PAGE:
Is it bad for my engine? (Breaking Myths)

In 2012, the Obama administration finalized standards for auto companies to encourage average operating fuel economy of 54.5 miles per gallon by 2025. To help achieve this goal, automakers have launched a variety of enhanced technologies, such as Auto-Start/Stop. However, there is a growing concern about whether automatic start/stop wears out engine components.

In this unbiased look, we take a look at how Auto-Start/Stop equipment works and whether it can harm your engine. The results may surprise you.

There is no evidence that automatic start/stop wears out the starter motor or other engine components faster than normal. The system only works when the engine is warm and therefore when the engine is very easy to start. Some engines also start almost exclusively on compression.

This is the quick answer to your question of Breaking Myths and for a more detailed answer with more data read on:

What is Auto-Start/Stop Technology?

When the car comes to a complete stop at a traffic light or signal, the Auto-Stop/Start function will temporarily stop the engine. When you’re ready to get moving again, the system will reboot automatically.

If you spend most of your journey on the highway, you may not even notice the fuel-saving benefits of this technology. However, urban commuters in stop-and-go traffic will see a big change in the car’s fuel economy as a result, even up to five percent more efficient.

How does automatic stop/start work?

Auto-Stop/Start systems come from a number of different manufacturers, with Denso being the largest supplier. This company supplies Auto-Stop/Start technology to all US manufacturers, Audi, Volvo, Fiat, Toyota, Hyundai and Land Rover.

This advanced system detects when the vehicle is stationary. With sensors telling you that the brake pedal has been depressed and the engine speed has dropped, you know what to do.

The system shuts down the engine and disengages the transmission. When the driver’s foot is released from the brake, the engine restarts with the transmission in gear. While the technology uses the use of the starter to crank the engine, there are more components involved in the whole process.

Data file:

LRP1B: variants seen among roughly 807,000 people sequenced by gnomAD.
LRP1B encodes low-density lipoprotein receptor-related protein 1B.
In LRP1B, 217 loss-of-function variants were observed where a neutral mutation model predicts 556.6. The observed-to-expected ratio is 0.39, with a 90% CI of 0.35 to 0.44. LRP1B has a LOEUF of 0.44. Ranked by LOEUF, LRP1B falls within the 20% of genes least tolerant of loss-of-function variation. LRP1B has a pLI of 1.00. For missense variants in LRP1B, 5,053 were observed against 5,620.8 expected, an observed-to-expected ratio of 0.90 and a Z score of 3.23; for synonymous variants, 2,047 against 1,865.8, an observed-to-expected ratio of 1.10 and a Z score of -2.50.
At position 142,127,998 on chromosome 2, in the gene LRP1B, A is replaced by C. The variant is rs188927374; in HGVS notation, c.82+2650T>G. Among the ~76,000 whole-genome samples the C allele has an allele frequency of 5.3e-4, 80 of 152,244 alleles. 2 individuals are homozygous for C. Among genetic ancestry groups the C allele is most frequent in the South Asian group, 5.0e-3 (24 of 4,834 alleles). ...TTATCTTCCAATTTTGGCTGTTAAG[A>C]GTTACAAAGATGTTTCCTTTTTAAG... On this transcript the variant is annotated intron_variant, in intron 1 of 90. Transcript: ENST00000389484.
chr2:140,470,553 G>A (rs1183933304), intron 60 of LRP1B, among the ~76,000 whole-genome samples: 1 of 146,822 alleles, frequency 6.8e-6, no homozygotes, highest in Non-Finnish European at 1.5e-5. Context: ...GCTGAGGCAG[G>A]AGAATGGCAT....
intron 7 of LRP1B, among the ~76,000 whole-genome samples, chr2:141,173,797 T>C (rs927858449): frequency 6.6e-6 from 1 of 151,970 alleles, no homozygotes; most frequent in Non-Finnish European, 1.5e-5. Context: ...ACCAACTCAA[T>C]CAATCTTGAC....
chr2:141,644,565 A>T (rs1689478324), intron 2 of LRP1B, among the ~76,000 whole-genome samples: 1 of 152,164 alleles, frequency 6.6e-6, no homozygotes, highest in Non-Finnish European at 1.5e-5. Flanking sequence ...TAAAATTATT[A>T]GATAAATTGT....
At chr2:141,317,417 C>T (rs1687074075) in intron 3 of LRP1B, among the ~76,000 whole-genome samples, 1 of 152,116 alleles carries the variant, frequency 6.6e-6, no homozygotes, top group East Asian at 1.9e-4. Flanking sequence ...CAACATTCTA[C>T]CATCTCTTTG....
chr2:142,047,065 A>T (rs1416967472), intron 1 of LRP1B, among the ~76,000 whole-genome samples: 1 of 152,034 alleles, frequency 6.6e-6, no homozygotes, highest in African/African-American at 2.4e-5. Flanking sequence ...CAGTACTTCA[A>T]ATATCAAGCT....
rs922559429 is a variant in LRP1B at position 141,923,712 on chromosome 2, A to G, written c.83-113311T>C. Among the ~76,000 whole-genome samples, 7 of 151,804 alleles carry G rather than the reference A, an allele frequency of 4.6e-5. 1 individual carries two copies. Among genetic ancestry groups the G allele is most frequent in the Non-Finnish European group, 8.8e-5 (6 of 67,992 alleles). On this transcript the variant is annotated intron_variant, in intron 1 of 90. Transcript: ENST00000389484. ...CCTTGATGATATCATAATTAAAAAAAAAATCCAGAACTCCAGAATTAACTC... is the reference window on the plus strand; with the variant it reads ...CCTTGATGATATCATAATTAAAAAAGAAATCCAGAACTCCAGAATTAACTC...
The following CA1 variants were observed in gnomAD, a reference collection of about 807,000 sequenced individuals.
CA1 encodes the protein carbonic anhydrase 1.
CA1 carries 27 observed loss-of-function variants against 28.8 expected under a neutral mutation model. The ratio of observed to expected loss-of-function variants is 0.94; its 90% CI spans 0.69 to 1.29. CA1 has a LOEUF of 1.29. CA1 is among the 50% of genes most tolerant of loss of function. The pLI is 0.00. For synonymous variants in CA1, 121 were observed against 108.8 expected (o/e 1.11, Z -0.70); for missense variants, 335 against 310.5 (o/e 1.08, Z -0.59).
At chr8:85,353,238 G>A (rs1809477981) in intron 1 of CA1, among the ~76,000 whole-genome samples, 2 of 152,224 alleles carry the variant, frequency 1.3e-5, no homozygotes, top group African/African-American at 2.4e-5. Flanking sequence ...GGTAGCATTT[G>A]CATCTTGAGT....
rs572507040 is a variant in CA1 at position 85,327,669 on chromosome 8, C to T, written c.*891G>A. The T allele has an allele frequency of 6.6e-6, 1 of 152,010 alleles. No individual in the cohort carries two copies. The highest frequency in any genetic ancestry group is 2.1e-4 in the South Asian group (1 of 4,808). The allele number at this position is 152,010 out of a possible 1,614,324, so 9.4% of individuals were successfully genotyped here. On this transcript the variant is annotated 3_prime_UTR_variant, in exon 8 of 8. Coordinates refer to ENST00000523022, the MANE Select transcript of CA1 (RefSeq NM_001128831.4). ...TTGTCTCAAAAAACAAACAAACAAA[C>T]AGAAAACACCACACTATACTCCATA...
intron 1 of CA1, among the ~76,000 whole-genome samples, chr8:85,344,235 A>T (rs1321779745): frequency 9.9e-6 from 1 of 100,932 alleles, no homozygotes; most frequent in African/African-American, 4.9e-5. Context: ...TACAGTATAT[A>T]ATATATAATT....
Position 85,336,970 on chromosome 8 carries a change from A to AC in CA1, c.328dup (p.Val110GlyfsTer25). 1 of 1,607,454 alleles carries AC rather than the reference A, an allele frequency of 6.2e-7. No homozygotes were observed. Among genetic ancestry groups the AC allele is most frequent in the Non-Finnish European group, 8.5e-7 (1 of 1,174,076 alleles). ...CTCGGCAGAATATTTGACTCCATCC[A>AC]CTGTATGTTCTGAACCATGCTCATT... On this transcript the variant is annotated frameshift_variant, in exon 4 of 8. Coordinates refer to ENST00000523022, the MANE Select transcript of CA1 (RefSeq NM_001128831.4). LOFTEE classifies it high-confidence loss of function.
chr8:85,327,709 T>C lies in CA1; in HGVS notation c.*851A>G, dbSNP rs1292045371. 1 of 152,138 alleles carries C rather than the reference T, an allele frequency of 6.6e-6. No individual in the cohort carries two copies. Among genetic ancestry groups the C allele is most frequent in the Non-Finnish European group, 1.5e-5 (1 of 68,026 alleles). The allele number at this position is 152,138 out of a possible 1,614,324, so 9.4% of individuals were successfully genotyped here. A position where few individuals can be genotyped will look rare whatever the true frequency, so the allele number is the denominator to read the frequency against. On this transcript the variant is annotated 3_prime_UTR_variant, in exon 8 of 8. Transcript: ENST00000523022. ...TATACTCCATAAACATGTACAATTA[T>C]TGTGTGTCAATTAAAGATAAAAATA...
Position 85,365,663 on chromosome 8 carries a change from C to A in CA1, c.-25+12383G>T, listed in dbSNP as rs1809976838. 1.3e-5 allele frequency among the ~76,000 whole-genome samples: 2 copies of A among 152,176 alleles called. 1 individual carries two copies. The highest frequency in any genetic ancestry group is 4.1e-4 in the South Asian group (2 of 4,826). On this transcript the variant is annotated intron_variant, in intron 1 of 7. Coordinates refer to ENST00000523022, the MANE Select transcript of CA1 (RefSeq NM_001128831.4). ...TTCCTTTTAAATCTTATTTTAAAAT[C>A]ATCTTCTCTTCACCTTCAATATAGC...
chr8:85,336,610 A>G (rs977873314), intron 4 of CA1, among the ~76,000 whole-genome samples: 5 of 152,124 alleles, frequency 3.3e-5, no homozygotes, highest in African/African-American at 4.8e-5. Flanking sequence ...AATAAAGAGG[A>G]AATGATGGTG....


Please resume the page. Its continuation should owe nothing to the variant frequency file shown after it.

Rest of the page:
As long as the engine is temporarily turned off, all vehicle accessories will continue to function normally. You will not notice any difference with the air conditioning, wipers or radio during this process.

Is automatic start/stop bad for the engine or starter motor?

The biggest way to wear out your car’s engine is to start it. However, it is the cold start of the engine that causes the most wear. When you start an engine after hours or days of no use, it’s like putting a cold cup in a pot of boiling water, except the damage doesn’t happen as spontaneously.

When using the Auto-Start/Stop system, the car’s engine is not cold. The engine was only running a few seconds ago and will restart while the engine is still warming up. In addition, there are safety measures in the system if the engine temperature starts to drop. The technology starts the car before it enters the danger zone, as long as the key is still in the ignition.

In addition, manufacturers have started putting motor bearings in the motor that can withstand 250,000-300,000 starting cycles, up from 100,000 cycles previously. Other parts have also been upgraded to accommodate this new technology.

Of course, the technology is still developing. Providers continue to find ways to improve the Auto-Start/Stop system by creating better methods and more efficient equipment. Mazda, for example, uses i-Stop technology that is completely independent of the starter. Instead, it uses engine combustion to make things move. When the driver releases the brake pedal, a fuel injector in one of the cylinders ignites and ignites a spark plug, starting the engine using combustion, rather than wearing out the electric starter.

Still, you will find many people online telling you how harmful autostart/stop is to your engine. Of course, many of these people are by no means experts and have nothing to use as evidence. Until proven otherwise, it’s safe to assume that modern vehicles are made to withstand the effects of Auto-Start/Stop technology.

How to disable the Auto-Start/Stop technology?

If your vehicle has an automatic start/stop system, there is a way to manually override it. In many cases, a simple push of a button is enough to turn off the technology.

Before disabling the Auto-Start/Stop system, keep in mind that the fuel consumption of the car can be affected by up to five percent. You also have to manually disable it every time you start the vehicle, as the manufacturers have not created a way to permanently override the system.

If you are driving a sports car with a sport or dynamic mode, placing your vehicle in that setting will automatically disable the automatic start/stop system. In this case, you probably don’t care much about fuel economy and are looking for the best possible performance.

If possible, it’s best to leave the Auto-Start/Stop feature enabled, not only to save at the fuel pump, but also to reduce emissions into our atmosphere. Don’t you want to do your part to save our planet?